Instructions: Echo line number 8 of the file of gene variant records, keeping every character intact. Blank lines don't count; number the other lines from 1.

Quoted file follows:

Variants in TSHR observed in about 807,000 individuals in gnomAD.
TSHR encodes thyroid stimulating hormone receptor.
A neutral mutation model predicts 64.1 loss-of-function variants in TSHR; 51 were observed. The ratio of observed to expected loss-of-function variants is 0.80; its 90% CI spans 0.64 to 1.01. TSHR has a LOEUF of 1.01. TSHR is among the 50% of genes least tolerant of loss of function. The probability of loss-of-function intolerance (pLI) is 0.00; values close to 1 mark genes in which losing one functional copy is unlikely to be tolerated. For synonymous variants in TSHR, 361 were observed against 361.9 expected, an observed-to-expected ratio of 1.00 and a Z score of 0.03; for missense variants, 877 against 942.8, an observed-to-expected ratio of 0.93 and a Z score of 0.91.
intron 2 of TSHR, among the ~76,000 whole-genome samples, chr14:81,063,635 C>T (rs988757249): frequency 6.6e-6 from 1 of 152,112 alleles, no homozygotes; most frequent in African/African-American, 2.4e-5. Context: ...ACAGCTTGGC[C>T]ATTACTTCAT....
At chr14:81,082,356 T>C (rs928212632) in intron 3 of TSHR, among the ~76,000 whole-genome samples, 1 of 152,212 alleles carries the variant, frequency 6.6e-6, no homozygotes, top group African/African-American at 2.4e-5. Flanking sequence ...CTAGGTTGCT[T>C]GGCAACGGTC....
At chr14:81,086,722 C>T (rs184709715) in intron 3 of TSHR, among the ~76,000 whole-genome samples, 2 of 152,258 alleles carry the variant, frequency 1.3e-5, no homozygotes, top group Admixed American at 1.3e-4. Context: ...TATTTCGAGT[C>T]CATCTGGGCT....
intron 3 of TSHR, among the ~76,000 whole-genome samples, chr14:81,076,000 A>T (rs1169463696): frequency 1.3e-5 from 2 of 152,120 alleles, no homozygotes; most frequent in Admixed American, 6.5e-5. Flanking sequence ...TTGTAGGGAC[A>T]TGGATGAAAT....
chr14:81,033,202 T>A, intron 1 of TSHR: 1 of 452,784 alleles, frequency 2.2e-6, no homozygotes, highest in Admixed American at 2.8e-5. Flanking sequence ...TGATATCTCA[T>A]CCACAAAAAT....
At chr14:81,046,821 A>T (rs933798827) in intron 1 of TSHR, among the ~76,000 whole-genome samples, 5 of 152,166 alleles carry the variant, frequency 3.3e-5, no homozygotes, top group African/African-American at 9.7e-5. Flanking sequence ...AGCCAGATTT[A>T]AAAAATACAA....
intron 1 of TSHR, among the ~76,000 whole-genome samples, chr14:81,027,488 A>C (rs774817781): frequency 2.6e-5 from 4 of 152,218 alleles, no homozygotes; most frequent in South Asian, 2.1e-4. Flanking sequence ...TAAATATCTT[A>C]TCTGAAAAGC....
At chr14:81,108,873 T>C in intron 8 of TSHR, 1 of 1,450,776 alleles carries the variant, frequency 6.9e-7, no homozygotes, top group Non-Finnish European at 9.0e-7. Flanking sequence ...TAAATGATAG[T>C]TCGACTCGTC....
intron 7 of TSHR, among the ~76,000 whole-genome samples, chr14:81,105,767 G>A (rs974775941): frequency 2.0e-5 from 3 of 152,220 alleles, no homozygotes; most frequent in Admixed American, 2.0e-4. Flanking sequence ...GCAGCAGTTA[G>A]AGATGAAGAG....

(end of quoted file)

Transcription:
chr14:81,033,202 T>A, intron 1 of TSHR: 1 of 452,784 alleles, frequency 2.2e-6, no homozygotes, highest in Admixed American at 2.8e-5. Flanking sequence ...TGATATCTCA[T>A]CCACAAAAAT....